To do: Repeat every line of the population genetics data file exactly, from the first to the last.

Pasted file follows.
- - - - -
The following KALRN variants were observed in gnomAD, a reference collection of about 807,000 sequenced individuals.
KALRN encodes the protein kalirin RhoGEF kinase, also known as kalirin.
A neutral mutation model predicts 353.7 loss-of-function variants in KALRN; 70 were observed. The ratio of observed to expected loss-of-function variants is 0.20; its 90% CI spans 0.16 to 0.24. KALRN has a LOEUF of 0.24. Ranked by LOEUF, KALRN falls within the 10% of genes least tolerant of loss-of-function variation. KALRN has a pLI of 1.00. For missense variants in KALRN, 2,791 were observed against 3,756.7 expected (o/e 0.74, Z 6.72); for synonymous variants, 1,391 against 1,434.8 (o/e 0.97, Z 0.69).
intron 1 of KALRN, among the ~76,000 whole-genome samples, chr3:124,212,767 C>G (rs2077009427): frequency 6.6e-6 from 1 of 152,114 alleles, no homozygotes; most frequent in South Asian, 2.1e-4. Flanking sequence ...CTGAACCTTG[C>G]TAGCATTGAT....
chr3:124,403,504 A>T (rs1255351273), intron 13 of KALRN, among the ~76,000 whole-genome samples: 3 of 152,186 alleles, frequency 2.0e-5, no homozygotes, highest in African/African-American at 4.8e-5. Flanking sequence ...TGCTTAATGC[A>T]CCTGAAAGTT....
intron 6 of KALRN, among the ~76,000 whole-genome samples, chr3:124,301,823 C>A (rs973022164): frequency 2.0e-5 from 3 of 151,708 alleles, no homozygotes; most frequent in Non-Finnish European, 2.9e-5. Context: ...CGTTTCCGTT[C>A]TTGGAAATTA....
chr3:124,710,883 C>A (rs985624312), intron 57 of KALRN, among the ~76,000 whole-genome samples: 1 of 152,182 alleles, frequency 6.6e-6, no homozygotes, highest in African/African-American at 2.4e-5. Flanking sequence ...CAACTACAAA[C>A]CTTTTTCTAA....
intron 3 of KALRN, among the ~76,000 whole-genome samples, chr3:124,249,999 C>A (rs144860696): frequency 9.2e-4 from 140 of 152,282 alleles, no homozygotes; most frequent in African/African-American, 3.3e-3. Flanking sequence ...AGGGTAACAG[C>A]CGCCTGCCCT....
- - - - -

The following KALRN variants were observed in gnomAD, a reference collection of about 807,000 sequenced individuals.
KALRN encodes the protein kalirin RhoGEF kinase, also known as kalirin.
A neutral mutation model predicts 353.7 loss-of-function variants in KALRN; 70 were observed. The ratio of observed to expected loss-of-function variants is 0.20; its 90% CI spans 0.16 to 0.24. KALRN has a LOEUF of 0.24. Ranked by LOEUF, KALRN falls within the 10% of genes least tolerant of loss-of-function variation. KALRN has a pLI of 1.00. For missense variants in KALRN, 2,791 were observed against 3,756.7 expected (o/e 0.74, Z 6.72); for synonymous variants, 1,391 against 1,434.8 (o/e 0.97, Z 0.69).
intron 1 of KALRN, among the ~76,000 whole-genome samples, chr3:124,212,767 C>G (rs2077009427): frequency 6.6e-6 from 1 of 152,114 alleles, no homozygotes; most frequent in South Asian, 2.1e-4. Flanking sequence ...CTGAACCTTG[C>G]TAGCATTGAT....
chr3:124,403,504 A>T (rs1255351273), intron 13 of KALRN, among the ~76,000 whole-genome samples: 3 of 152,186 alleles, frequency 2.0e-5, no homozygotes, highest in African/African-American at 4.8e-5. Flanking sequence ...TGCTTAATGC[A>T]CCTGAAAGTT....
intron 6 of KALRN, among the ~76,000 whole-genome samples, chr3:124,301,823 C>A (rs973022164): frequency 2.0e-5 from 3 of 151,708 alleles, no homozygotes; most frequent in Non-Finnish European, 2.9e-5. Context: ...CGTTTCCGTT[C>A]TTGGAAATTA....
chr3:124,710,883 C>A (rs985624312), intron 57 of KALRN, among the ~76,000 whole-genome samples: 1 of 152,182 alleles, frequency 6.6e-6, no homozygotes, highest in African/African-American at 2.4e-5. Flanking sequence ...CAACTACAAA[C>A]CTTTTTCTAA....
intron 3 of KALRN, among the ~76,000 whole-genome samples, chr3:124,249,999 C>A (rs144860696): frequency 9.2e-4 from 140 of 152,282 alleles, no homozygotes; most frequent in African/African-American, 3.3e-3. Flanking sequence ...AGGGTAACAG[C>A]CGCCTGCCCT....